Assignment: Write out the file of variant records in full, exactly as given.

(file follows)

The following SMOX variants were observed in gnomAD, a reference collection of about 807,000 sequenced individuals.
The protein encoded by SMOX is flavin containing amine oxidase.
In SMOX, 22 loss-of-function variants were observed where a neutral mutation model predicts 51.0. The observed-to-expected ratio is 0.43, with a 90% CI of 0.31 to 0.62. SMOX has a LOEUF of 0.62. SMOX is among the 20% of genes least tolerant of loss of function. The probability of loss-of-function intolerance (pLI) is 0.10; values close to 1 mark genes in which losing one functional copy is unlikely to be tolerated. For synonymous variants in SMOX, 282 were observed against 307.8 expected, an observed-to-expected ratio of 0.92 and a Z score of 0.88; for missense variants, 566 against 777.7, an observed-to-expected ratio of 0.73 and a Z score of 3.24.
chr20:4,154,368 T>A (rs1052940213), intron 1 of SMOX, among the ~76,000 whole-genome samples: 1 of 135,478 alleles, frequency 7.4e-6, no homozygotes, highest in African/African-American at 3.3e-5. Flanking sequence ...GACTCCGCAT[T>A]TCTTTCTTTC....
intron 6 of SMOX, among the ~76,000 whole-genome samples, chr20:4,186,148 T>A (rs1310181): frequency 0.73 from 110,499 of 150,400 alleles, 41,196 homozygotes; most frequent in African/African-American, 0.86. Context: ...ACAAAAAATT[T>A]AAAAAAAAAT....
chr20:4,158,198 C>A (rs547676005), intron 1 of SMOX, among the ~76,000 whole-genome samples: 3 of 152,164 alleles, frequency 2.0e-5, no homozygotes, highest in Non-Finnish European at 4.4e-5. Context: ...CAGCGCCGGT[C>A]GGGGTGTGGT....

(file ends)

The following SMOX variants were observed in gnomAD, a reference collection of about 807,000 sequenced individuals.
The protein encoded by SMOX is flavin containing amine oxidase.
In SMOX, 22 loss-of-function variants were observed where a neutral mutation model predicts 51.0. The observed-to-expected ratio is 0.43, with a 90% CI of 0.31 to 0.62. SMOX has a LOEUF of 0.62. SMOX is among the 20% of genes least tolerant of loss of function. The probability of loss-of-function intolerance (pLI) is 0.10; values close to 1 mark genes in which losing one functional copy is unlikely to be tolerated. For synonymous variants in SMOX, 282 were observed against 307.8 expected, an observed-to-expected ratio of 0.92 and a Z score of 0.88; for missense variants, 566 against 777.7, an observed-to-expected ratio of 0.73 and a Z score of 3.24.
chr20:4,154,368 T>A (rs1052940213), intron 1 of SMOX, among the ~76,000 whole-genome samples: 1 of 135,478 alleles, frequency 7.4e-6, no homozygotes, highest in African/African-American at 3.3e-5. Flanking sequence ...GACTCCGCAT[T>A]TCTTTCTTTC....
intron 6 of SMOX, among the ~76,000 whole-genome samples, chr20:4,186,148 T>A (rs1310181): frequency 0.73 from 110,499 of 150,400 alleles, 41,196 homozygotes; most frequent in African/African-American, 0.86. Context: ...ACAAAAAATT[T>A]AAAAAAAAAT....
chr20:4,158,198 C>A (rs547676005), intron 1 of SMOX, among the ~76,000 whole-genome samples: 3 of 152,164 alleles, frequency 2.0e-5, no homozygotes, highest in Non-Finnish European at 4.4e-5. Context: ...CAGCGCCGGT[C>A]GGGGTGTGGT....